Your logo’s colors may seem like a simple decision, but the right combination of hues has a powerful effect on purchasing decisions. The right colors in your logo can produce an emotional response in your audience based on psychology, culture, fads, and context. These colors will represent your brand in the customer’s mind, so choosing a palette that promotes certain feelings or actions is essential to your business’s continued growth.
Picking the right colors for your brand can be tricky, but you can follow a few simple rules to stand out from the crowd.
- Choose colors based on what your company represents as a whole. Research your competition so that your logo doesn’t become confused with other companies.
- Stick to simple color palettes and patterns. If you look at some of the biggest companies’ logos, you’ll notice that their logos often stick with palettes with less than three colors. Additionally, those colors tend to be solid, as opposed to gradients.
- Pick a color already associated with your industry. For example, financial institutions are commonly represented with the color blue because blue itself represents security. Other examples of the color association include restaurants using red, apparel stores using black, and real estate businesses using green in their logos.
While typography and color both work to make your brand stand out to the consumer, they’re not entirely effective on their own. Remember, potential customers have short attention spans, so your logo must convince them to check out your store in ten seconds or less, or you might not get another chance.
Using images in your logo provides a nice visual shorthand for what your company represents that, in turn, can lead consumers to read the rest of the text. Over time, customers associate the image with your quality products or services and seek your company before your competitors.
A personal logo may not work to entice customers by itself, but it works to represent your company in the consumer’s eyes overall. Having a professionally designed logo that hits all the right notes facilitates loyalty to your products, ensuring that a selection of customers will continue to support you and help your brand thrive.
What are different types of personal logos?
- Abstract logos that have no specific shape (Pepsi).
- Mascot logos that use a person’s likeness (KFC).
- Letter logs that use a stylized acronym (NASA).
- Image logos that solely use a picture to represent their brand (Apple).
- Font logos that use strong typography enhance their company names (Google).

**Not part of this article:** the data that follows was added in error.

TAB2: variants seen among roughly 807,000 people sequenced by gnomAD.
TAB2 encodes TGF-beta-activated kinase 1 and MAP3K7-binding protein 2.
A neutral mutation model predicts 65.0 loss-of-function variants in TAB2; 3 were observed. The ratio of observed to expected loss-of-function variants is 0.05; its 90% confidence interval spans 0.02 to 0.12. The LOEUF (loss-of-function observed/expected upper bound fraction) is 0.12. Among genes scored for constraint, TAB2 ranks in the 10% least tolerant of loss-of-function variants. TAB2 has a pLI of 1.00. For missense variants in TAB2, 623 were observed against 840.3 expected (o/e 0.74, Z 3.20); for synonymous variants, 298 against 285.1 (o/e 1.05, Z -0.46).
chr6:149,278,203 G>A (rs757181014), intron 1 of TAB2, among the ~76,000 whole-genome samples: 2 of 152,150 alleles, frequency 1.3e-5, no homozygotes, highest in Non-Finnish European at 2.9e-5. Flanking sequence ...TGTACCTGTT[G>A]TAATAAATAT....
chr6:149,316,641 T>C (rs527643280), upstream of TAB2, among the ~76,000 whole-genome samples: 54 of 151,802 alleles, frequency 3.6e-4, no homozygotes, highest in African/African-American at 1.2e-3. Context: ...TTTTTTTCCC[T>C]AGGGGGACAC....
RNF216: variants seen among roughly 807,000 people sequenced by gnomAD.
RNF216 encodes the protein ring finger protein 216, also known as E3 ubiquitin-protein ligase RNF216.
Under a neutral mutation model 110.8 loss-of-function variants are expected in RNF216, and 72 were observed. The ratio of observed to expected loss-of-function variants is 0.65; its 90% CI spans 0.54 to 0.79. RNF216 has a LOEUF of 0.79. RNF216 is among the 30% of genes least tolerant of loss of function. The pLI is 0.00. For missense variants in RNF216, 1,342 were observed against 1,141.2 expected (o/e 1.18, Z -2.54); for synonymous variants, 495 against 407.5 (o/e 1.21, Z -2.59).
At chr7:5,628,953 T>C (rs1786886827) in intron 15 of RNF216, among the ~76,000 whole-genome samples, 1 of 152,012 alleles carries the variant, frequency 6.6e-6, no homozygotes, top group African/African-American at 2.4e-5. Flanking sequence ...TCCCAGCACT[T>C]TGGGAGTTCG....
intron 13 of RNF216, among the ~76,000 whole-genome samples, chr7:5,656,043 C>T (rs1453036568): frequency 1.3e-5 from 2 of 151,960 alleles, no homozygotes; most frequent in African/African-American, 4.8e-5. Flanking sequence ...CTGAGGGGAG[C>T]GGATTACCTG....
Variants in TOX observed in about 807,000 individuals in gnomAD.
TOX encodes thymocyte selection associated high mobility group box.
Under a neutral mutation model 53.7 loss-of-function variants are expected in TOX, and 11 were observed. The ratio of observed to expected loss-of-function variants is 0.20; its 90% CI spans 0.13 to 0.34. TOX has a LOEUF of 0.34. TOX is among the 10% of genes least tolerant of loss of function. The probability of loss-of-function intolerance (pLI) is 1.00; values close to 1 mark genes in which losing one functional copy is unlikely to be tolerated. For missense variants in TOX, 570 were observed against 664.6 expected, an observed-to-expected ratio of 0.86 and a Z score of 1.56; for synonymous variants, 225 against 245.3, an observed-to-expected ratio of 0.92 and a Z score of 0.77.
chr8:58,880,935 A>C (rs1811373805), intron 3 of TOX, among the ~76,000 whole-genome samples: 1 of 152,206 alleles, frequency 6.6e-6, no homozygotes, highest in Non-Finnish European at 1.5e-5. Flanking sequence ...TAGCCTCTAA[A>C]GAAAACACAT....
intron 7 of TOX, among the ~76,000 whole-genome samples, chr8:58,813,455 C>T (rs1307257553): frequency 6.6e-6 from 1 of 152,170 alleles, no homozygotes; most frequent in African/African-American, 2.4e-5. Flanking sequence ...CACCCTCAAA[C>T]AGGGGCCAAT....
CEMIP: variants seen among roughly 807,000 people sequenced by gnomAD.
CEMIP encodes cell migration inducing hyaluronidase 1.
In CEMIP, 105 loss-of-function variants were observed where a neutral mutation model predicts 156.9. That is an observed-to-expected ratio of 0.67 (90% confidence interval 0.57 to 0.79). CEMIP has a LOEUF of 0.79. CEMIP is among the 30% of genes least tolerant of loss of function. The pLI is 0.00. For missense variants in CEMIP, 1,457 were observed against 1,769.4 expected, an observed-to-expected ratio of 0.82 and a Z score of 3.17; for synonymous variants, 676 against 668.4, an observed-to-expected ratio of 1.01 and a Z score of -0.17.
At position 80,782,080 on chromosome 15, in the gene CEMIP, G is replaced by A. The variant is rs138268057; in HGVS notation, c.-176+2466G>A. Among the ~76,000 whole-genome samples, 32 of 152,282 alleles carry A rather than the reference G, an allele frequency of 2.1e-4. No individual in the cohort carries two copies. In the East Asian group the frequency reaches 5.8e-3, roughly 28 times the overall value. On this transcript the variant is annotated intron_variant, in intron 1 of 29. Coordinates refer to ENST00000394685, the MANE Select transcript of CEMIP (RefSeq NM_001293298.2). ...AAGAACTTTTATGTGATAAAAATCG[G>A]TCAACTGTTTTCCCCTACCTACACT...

- Emblem logos that have more traditionally grandiose appearances (most colleges).
- Combination logo, which combines elements from the other categories.
How do you create a logo that represents yourself?
Before creating a particular image, the most important thing you need to represent your brand is to know yourself. You have the freedom to create a logo that represents your skills, interests, and backgrounds. But remember not to ignore the business side of your brand; while your logo can and should represent you, it should also demonstrate what you can do for your customers.
Is it good to have a personal logo?
Yes, your logo can quickly illustrate your services or products to undecided customers. The more professional your logo looks, the more likely it is to attract new business. Additionally, as the increased clientele helps your business grow, customers will associate your logo with the excellent consumer experience you provide for them.
The positive interactions that your business and logo create also promote loyalty to your brand.
How much does a personal logo cost?
The cost of creating a logo can vary depending upon your resources. It’s possible to design a logo yourself, in which case you’d only have to pay for a license for good editing software and print services. However, there’s a reason that big companies devote entire divisions to logo design. It’s a complex process that requires large amounts of research into customer behavior and knowledge of psychology.
If you want a better chance to attain a successful logo, hiring a freelance logo designer is another option. While hiring a designer costs significantly more than a yearly software license, they recognize what an audience likes and how a brand can be appealing. However, freelancers can be a risky investment when it comes to quality.
Hiring a firm to do the heavy lifting will guarantee that you receive a stellar logo. A freelancer’s training, skill, and experience come with a much higher price tag. An agency, however, can cost you thousands of dollars. Your budget will drive your choice of designer.